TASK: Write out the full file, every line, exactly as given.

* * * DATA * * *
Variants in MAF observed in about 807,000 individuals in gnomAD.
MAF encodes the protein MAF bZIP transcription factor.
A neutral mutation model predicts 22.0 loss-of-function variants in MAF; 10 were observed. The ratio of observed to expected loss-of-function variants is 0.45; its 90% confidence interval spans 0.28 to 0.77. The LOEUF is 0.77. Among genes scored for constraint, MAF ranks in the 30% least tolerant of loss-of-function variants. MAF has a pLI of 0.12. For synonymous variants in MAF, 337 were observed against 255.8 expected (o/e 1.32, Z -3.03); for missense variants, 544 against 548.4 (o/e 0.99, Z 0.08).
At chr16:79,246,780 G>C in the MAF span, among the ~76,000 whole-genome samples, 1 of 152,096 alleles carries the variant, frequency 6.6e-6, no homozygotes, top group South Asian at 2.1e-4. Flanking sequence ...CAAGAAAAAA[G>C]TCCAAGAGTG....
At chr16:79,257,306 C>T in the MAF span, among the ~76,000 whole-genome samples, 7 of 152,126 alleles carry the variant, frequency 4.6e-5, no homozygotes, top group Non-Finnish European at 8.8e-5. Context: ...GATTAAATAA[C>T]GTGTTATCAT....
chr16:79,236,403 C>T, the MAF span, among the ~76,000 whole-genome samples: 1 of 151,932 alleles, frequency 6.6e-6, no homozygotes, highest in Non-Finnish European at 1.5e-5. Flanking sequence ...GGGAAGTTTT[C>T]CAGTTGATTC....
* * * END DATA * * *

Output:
Variants in MAF observed in about 807,000 individuals in gnomAD.
MAF encodes the protein MAF bZIP transcription factor.
A neutral mutation model predicts 22.0 loss-of-function variants in MAF; 10 were observed. The ratio of observed to expected loss-of-function variants is 0.45; its 90% confidence interval spans 0.28 to 0.77. The LOEUF is 0.77. Among genes scored for constraint, MAF ranks in the 30% least tolerant of loss-of-function variants. MAF has a pLI of 0.12. For synonymous variants in MAF, 337 were observed against 255.8 expected (o/e 1.32, Z -3.03); for missense variants, 544 against 548.4 (o/e 0.99, Z 0.08).
At chr16:79,246,780 G>C in the MAF span, among the ~76,000 whole-genome samples, 1 of 152,096 alleles carries the variant, frequency 6.6e-6, no homozygotes, top group South Asian at 2.1e-4. Flanking sequence ...CAAGAAAAAA[G>C]TCCAAGAGTG....
At chr16:79,257,306 C>T in the MAF span, among the ~76,000 whole-genome samples, 7 of 152,126 alleles carry the variant, frequency 4.6e-5, no homozygotes, top group Non-Finnish European at 8.8e-5. Context: ...GATTAAATAA[C>T]GTGTTATCAT....
chr16:79,236,403 C>T, the MAF span, among the ~76,000 whole-genome samples: 1 of 151,932 alleles, frequency 6.6e-6, no homozygotes, highest in Non-Finnish European at 1.5e-5. Flanking sequence ...GGGAAGTTTT[C>T]CAGTTGATTC....